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Litter Box Training

Yes, you can litter box train your house rabbits

Authored by:

Edited by:

Sarah Erickson

Getting started

“You can litter box train rabbits???” This is the response we hear from people who are not familiar with house rabbits. You can litter box train them quite easily. The most important thing to know before expecting to litter box train your bunnies is that they need to be spayed and neutered beforehand. You can work on training pre-surgery, but hormonal bunnies are typically impossible to litter train. Another thing to keep in mind is that younger bunnies can also be more of a challenge – just like puppies or kittens. Older bunnies are usually easier to litter train.

Setting up your litter box

The first mistake that new bunny parents make is purchasing a litter box that is too small. There are litter boxes marketed specifically for rabbits, but these usually don’t work. A plain old cat litter box that is big enough for your bunnies to lie down and snuggle in is perfect. For larger breeds, we need to get creative. Cement mixing pans available at home improvement stores work great. Pans of larger commercial pet store cages are far too small to house our bunnies but can make great litter boxes! Plastic storage containers are another option.

Once you have your litter box, fill it with a layer of bunny-safe litter. These include: recycled paper litters (pellets or crumbles), pine pellets (like Equine Pine or Feline Pine), and other options like Oxbow Eco-Straw. Do not use clumping/clay cat litter, corn cob litter, Swheat Scoop litter, or pine/cedar shavings. All of these are dangerous to bunnies. Clumping/clay, corn cob, and wheat-based litters can cause blockages if ingested. Pine and cedar shavings release phenols that are harmful to delicate bunny lungs (pine pellets are kiln-dried and are safe).

Lastly, place a layer of hay on top of the litter. Yes, the bunnies will use it as a toilet AND eat it. This is fine. The hay encourages them to use the litter box. Rabbits will also relax in their litter box – this is also normal. It’s up to the humans to keep their box clean!


Once your bunnies have been spayed and neutered (and it’s been a few weeks), you can start litter training in earnest. Start them in a more confined area. Once they learn to use the litter box in that area, slowly increase the space they have access to. If they start to go outside the box again, decrease their space until they consistently use the box. Place stray fecal pellets into the box, and clean urine accidents with vinegar or enzyme-based cleaners. If they insist on going in a certain spot, congratulations, you need a litter box there. We need to work around our bunnies. Placing a litter box in their spot is much easier than fighting with them! Most spayed/neutered bunnies will usually train themselves. Rabbits are very clean animals and want to keep their waste in a certain spot. You must have patience with your bunnies. There will inevitably be accidents – this is part of pet ownership.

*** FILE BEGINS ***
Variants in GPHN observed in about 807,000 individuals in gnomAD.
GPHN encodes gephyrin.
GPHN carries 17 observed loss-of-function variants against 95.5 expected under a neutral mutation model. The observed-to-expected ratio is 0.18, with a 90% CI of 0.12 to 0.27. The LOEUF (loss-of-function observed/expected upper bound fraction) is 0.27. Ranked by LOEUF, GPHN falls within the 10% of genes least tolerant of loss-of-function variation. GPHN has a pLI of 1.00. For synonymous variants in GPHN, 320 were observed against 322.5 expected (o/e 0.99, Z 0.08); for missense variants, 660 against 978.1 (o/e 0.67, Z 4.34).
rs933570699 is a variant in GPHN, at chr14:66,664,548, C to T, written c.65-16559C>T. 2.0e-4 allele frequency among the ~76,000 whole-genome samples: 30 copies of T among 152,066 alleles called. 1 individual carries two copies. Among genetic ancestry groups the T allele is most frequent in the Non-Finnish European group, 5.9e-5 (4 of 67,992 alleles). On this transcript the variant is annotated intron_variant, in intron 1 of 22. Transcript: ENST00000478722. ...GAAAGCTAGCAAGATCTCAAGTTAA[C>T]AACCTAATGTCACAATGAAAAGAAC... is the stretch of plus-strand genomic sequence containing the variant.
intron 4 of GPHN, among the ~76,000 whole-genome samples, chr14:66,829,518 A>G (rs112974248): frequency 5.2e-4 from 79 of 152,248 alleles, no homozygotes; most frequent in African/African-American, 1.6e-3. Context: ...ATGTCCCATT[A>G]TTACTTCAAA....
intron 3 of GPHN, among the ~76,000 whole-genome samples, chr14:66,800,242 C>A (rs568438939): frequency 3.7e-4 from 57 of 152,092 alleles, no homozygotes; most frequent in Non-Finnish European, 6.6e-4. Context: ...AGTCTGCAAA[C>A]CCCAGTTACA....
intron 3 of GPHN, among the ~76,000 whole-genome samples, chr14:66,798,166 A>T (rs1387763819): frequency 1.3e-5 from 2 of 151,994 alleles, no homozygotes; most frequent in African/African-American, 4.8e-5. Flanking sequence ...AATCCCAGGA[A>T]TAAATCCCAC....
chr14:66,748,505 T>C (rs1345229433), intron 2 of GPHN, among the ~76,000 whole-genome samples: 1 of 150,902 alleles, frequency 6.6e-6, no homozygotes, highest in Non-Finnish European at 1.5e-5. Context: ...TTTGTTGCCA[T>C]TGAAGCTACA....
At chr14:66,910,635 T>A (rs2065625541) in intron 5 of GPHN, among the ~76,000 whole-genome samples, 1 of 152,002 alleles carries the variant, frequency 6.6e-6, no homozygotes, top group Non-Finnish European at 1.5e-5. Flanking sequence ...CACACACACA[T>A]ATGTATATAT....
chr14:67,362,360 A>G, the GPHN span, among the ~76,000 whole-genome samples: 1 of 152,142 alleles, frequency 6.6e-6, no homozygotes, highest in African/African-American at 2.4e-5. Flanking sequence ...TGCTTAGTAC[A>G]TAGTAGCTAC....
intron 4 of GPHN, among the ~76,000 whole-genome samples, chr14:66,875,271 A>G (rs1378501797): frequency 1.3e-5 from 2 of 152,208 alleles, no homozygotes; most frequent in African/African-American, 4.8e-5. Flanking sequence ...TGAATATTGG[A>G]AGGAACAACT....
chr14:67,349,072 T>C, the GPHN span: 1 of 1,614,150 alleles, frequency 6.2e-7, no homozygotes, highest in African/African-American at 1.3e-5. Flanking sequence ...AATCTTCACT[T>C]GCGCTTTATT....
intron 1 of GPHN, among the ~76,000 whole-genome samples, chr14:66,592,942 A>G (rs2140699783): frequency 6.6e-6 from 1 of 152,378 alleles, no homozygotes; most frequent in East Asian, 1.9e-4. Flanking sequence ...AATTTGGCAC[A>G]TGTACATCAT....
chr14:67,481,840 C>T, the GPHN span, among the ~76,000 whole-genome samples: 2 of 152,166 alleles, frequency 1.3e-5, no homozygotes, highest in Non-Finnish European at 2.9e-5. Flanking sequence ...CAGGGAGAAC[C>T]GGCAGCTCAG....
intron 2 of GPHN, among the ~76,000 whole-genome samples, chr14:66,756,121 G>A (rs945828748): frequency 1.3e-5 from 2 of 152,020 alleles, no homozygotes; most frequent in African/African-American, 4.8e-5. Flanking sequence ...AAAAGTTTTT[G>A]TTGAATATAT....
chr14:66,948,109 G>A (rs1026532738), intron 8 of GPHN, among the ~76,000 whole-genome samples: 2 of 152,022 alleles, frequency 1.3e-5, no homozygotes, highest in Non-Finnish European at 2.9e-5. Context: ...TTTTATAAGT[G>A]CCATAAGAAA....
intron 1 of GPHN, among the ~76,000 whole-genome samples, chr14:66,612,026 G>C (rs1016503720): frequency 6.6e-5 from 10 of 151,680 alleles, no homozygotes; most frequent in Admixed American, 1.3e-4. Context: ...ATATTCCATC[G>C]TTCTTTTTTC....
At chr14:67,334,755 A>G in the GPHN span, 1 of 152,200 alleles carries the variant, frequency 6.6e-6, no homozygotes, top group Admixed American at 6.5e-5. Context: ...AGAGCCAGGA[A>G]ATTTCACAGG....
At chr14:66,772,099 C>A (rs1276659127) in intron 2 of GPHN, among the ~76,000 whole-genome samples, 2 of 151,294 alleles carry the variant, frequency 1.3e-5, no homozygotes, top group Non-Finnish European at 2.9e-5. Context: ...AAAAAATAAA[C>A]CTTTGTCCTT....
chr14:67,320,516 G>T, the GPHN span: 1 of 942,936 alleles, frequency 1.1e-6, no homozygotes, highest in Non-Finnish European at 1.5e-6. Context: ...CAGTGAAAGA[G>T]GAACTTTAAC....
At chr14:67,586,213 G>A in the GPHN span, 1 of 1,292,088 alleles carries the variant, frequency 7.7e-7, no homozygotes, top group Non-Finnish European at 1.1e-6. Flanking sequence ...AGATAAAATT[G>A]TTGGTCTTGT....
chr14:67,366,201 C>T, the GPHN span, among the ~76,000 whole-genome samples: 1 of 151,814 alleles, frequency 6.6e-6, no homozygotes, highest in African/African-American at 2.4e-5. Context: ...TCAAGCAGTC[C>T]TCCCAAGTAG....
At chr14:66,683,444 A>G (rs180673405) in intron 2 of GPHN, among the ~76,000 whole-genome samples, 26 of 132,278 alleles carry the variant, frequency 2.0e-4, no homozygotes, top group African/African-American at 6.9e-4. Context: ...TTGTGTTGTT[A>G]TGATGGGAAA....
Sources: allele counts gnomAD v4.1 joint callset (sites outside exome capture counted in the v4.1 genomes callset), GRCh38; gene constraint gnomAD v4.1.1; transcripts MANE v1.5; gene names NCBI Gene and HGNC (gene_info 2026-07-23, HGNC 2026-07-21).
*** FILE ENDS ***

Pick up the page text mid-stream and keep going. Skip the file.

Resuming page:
Special circumstances

Pre-spay/neuter: Bunnies (especially youngsters) who have not been altered yet will almost never have good litter box habits. However, you can start working on litter training to get them used to the box.

Elderly/ill bunnies: Litter box training is not only an easy way for us to keep our bunnies’ habitats clean, but it can also alert us to health issues. If your litter-box trained bunny suddenly loses her litter box habits, this is a red flag that a health issue could be going on. Urinary tract infections, kidney issues, and arthritis (due to difficulty getting in and out of the box) can all affect litter box habits. If your bunny stops using the box consistently, it’s time to make an appointment at your rabbit-savvy vet.

Bunnies with arthritis, hind-end paralysis, and other health issues need special attention. If they can still get around, you can try a special low-sided litter box. For bunnies who cannot get in and out of a litter box at all: they will need your help to stay clean. Synthetic sheepskin blankets are great for wicking moisture away from delicate bunny skin. Some bunnies will need “butt baths” to stay clean. Rabbits should never be given full baths. Ask your vet or RMHRR on how to safely give your bunny a “butt bath” if needed. You will need to pay close attention to your bunny’s skin as health issues like urine scald can happen to bunnies who are not mobile and cannot clean themselves. Our elderly and ill bunnies are extra work, but they deserve to live in dignity in a clean environment.

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